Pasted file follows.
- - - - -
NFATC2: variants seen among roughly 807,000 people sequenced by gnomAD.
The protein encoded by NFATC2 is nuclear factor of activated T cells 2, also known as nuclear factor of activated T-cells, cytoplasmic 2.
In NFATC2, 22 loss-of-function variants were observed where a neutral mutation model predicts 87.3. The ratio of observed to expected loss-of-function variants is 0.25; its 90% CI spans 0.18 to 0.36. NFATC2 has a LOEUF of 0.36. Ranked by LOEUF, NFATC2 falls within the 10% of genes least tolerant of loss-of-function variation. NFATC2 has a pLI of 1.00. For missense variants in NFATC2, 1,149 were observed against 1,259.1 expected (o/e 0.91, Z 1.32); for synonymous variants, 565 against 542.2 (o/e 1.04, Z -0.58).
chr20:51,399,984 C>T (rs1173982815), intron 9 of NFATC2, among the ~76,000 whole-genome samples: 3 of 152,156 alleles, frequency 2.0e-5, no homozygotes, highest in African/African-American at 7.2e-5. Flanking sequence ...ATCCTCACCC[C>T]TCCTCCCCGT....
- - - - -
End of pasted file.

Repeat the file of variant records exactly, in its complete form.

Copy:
NFATC2: variants seen among roughly 807,000 people sequenced by gnomAD.
The protein encoded by NFATC2 is nuclear factor of activated T cells 2, also known as nuclear factor of activated T-cells, cytoplasmic 2.
In NFATC2, 22 loss-of-function variants were observed where a neutral mutation model predicts 87.3. The ratio of observed to expected loss-of-function variants is 0.25; its 90% CI spans 0.18 to 0.36. NFATC2 has a LOEUF of 0.36. Ranked by LOEUF, NFATC2 falls within the 10% of genes least tolerant of loss-of-function variation. NFATC2 has a pLI of 1.00. For missense variants in NFATC2, 1,149 were observed against 1,259.1 expected (o/e 0.91, Z 1.32); for synonymous variants, 565 against 542.2 (o/e 1.04, Z -0.58).
chr20:51,399,984 C>T (rs1173982815), intron 9 of NFATC2, among the ~76,000 whole-genome samples: 3 of 152,156 alleles, frequency 2.0e-5, no homozygotes, highest in African/African-American at 7.2e-5. Flanking sequence ...ATCCTCACCC[C>T]TCCTCCCCGT....